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  6. #26
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    Quote Originally Posted by highlander View Post
    What bias actually exists? What are real examples?

    Fact is women on average aren't as interested in STEM. I have one daughter that was. She's doing it. She always kicked ass at math and was good at science. To say I supported her in this regard would be an understatement. She didn't work twice as hard. She had equal opportunity. She was just better. I was good at math and science but never like her. She got a full scholarship to one of the best medical schools in the country. Have another one that went into technology but has never been crazy about it. She did extremely well at it but decided go back and get an MBA at one of the top schools in the country. She did it on her own. That is the way American works. They both worked hard and persevered. That's what it's about. Fuck feminism. It's about passion and work ethic and intentionality. Women need to stop with the excuses. My ancestors where Irish. They were discriminated against a long time ago. Things change and society moves on.

    They don't have to work twice as hard. They just have to perform. Women have opportunities same as men.

    Edit: I just recalled the one daughter did have an issue with one doctor originating from India who did appear to have some biases against women. She got a bad evaluation for no good reason. She complained and got it fixed. It was bullshit really. That's a situation of importing someone from a sexist culture into the US though.
    I'll just leave this here:
    Orchestrating Impartiality: The Impact of “Blind” Auditions on Female Musicians | Gender Action Portal

    And here:

    Does Encouragement Matter in Improving Gender Imbalances in Technical Fields? Evidence from a Randomized Controlled Trial | Gender Action Portal


    So. Yes. Gender bias exists. Sorry to disturb your world view. This is the "twice as hard" argument in play. It exists. The ones who excel drive past it or try to at much greater sacrifice and costs to personal life and monetary reward and peer recognition but you also make an assumption that to complain about injustice is to denote you don't press on regardless of it. A giant fallacy.

    But...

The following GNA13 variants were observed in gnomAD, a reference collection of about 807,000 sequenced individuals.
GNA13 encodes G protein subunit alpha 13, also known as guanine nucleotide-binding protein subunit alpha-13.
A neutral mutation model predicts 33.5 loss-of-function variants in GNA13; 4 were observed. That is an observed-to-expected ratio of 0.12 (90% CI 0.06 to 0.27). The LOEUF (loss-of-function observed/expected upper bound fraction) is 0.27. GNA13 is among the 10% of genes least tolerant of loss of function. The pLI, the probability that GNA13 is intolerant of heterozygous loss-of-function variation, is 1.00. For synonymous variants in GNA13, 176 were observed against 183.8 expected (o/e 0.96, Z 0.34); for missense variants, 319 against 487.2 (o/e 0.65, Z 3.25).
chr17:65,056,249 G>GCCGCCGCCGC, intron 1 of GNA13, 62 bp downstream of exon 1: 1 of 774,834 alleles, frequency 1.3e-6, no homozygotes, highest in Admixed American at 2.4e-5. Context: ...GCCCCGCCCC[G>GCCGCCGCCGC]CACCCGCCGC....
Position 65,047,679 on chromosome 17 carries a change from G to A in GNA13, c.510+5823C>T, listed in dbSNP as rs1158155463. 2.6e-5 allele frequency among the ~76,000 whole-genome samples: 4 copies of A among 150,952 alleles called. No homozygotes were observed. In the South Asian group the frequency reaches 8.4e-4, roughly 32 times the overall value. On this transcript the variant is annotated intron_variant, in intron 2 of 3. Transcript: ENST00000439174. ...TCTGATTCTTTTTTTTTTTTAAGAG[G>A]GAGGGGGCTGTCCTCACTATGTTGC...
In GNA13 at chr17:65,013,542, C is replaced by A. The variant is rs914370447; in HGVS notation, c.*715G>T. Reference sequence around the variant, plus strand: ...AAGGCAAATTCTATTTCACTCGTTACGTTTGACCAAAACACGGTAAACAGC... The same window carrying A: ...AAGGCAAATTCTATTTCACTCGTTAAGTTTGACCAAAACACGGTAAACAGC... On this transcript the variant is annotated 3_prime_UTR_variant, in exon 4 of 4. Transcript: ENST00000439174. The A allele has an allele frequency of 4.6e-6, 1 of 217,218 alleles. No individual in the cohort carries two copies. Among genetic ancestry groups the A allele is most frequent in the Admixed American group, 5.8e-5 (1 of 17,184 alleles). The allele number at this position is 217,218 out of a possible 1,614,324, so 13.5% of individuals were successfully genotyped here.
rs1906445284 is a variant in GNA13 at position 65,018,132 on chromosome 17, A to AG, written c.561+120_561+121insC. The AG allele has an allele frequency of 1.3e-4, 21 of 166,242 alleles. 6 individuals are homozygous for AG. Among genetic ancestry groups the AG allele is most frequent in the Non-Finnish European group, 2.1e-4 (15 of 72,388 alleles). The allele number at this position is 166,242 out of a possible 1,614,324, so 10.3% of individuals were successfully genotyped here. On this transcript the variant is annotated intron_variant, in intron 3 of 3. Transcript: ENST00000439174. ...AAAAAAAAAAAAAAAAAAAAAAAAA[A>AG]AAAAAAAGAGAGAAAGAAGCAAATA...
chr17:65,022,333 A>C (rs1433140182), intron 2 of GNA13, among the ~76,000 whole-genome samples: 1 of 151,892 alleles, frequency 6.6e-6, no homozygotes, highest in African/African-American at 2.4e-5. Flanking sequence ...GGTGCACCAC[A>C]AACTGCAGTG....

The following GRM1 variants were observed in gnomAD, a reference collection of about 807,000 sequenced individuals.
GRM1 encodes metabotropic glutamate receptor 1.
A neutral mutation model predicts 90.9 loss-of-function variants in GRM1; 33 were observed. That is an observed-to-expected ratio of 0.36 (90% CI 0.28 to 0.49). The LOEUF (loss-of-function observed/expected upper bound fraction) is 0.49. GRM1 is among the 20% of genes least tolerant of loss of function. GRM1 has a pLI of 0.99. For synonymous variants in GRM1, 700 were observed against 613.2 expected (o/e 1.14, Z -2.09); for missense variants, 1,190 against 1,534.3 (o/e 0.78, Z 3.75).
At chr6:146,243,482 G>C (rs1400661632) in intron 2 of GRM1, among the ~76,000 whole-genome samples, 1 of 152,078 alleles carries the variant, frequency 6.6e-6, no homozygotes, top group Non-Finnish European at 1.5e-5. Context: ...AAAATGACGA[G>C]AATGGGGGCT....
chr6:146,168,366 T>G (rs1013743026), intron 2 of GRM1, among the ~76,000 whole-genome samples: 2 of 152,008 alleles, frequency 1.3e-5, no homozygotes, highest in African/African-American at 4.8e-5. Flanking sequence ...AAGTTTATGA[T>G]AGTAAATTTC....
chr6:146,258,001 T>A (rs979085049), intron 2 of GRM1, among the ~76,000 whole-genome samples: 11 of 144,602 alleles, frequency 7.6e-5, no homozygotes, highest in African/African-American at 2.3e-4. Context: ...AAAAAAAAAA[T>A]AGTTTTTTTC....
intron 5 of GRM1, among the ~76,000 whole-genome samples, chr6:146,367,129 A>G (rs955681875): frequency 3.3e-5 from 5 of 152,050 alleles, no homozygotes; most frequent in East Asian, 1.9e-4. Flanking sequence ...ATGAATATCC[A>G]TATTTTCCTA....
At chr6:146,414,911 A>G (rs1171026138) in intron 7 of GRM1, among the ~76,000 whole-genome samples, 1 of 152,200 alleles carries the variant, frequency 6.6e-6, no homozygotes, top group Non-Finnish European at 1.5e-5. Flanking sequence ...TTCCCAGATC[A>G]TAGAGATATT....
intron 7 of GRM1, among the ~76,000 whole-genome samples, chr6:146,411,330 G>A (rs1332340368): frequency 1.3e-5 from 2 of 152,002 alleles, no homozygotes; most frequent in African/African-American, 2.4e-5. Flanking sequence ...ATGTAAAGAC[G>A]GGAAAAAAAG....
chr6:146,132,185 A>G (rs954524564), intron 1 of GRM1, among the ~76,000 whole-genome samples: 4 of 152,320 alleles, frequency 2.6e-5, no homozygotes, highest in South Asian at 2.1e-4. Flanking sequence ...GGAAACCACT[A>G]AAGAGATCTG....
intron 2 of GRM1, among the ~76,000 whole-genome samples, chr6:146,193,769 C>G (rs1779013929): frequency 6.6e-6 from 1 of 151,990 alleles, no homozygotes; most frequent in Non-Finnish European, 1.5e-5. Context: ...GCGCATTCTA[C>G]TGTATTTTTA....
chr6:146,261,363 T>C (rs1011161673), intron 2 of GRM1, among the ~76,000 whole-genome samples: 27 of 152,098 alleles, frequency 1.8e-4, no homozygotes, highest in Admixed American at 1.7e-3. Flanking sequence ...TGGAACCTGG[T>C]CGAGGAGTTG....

You're not wrong in many ways. Encouraging for the sake of it, doesn't seem to make much impact in regard to STEM. I agree with this. I'm more interested in how and direct outreach personally. But whatever.

    The method of email encouraging didn't affect men either way but it did have differences in females. So maybe, that's what we are trying to figure out.
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  7. #27

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    Quote Originally Posted by highlander View Post
    What bias actually exists? What are real examples?

    Fact is women on average aren't as interested in STEM. I have one daughter that was. She's doing it. She always kicked ass at math and was good at science. To say I supported her in this regard would be an understatement. She didn't work twice as hard. She had equal opportunity. She was just better. I was good at math and science but never like her. She got a full scholarship to one of the best medical schools in the country. Have another one that went into technology but has never been crazy about it. She did extremely well at it but decided go back and get an MBA at one of the top schools in the country. She did it on her own. That is the way American works. They both worked hard and persevered. That's what it's about. Fuck feminism. It's about passion and work ethic and intentionality. Women need to stop with the excuses. My ancestors where Irish. They were discriminated against a long time ago. Things change and society moves on.

    They don't have to work twice as hard. They just have to perform. Women have opportunities same as men.

    Edit: I just recalled the one daughter did have an issue with one doctor originating from India who did appear to have some biases against women. She got a bad evaluation for no good reason. She complained and got it fixed. It was bullshit really. That's a situation of importing someone from a sexist culture into the US though.
    So, let's say she enters academia in sciences. What happens when this occurs? How will she defeat unconscious gender bias? If she can't and fails, will you tell her that it's because she didn't work hard enough?